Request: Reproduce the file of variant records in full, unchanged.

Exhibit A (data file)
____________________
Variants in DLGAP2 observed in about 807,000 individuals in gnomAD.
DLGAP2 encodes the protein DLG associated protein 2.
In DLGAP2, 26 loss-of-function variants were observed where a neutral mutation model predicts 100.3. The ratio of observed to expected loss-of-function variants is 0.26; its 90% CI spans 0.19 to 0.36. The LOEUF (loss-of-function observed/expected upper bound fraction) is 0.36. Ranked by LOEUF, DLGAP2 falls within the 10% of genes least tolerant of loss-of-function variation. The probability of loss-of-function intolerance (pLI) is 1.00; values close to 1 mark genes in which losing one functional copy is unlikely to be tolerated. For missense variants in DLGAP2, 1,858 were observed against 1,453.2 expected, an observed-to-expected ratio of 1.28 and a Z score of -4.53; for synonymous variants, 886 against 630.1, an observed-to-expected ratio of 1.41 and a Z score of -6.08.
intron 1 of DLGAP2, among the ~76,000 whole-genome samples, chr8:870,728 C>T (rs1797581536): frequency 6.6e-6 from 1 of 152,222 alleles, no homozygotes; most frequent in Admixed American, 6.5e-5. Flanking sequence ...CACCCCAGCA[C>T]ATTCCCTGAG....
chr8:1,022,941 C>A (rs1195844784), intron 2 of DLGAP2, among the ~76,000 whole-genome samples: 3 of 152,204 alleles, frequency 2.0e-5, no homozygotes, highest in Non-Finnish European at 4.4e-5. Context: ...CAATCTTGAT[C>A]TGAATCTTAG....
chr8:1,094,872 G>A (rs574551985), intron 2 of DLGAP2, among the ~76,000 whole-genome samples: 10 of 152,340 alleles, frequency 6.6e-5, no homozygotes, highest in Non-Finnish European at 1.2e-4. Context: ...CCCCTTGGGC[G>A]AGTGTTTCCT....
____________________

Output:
Variants in DLGAP2 observed in about 807,000 individuals in gnomAD.
DLGAP2 encodes the protein DLG associated protein 2.
In DLGAP2, 26 loss-of-function variants were observed where a neutral mutation model predicts 100.3. The ratio of observed to expected loss-of-function variants is 0.26; its 90% CI spans 0.19 to 0.36. The LOEUF (loss-of-function observed/expected upper bound fraction) is 0.36. Ranked by LOEUF, DLGAP2 falls within the 10% of genes least tolerant of loss-of-function variation. The probability of loss-of-function intolerance (pLI) is 1.00; values close to 1 mark genes in which losing one functional copy is unlikely to be tolerated. For missense variants in DLGAP2, 1,858 were observed against 1,453.2 expected, an observed-to-expected ratio of 1.28 and a Z score of -4.53; for synonymous variants, 886 against 630.1, an observed-to-expected ratio of 1.41 and a Z score of -6.08.
intron 1 of DLGAP2, among the ~76,000 whole-genome samples, chr8:870,728 C>T (rs1797581536): frequency 6.6e-6 from 1 of 152,222 alleles, no homozygotes; most frequent in Admixed American, 6.5e-5. Flanking sequence ...CACCCCAGCA[C>T]ATTCCCTGAG....
chr8:1,022,941 C>A (rs1195844784), intron 2 of DLGAP2, among the ~76,000 whole-genome samples: 3 of 152,204 alleles, frequency 2.0e-5, no homozygotes, highest in Non-Finnish European at 4.4e-5. Context: ...CAATCTTGAT[C>A]TGAATCTTAG....
chr8:1,094,872 G>A (rs574551985), intron 2 of DLGAP2, among the ~76,000 whole-genome samples: 10 of 152,340 alleles, frequency 6.6e-5, no homozygotes, highest in Non-Finnish European at 1.2e-4. Context: ...CCCCTTGGGC[G>A]AGTGTTTCCT....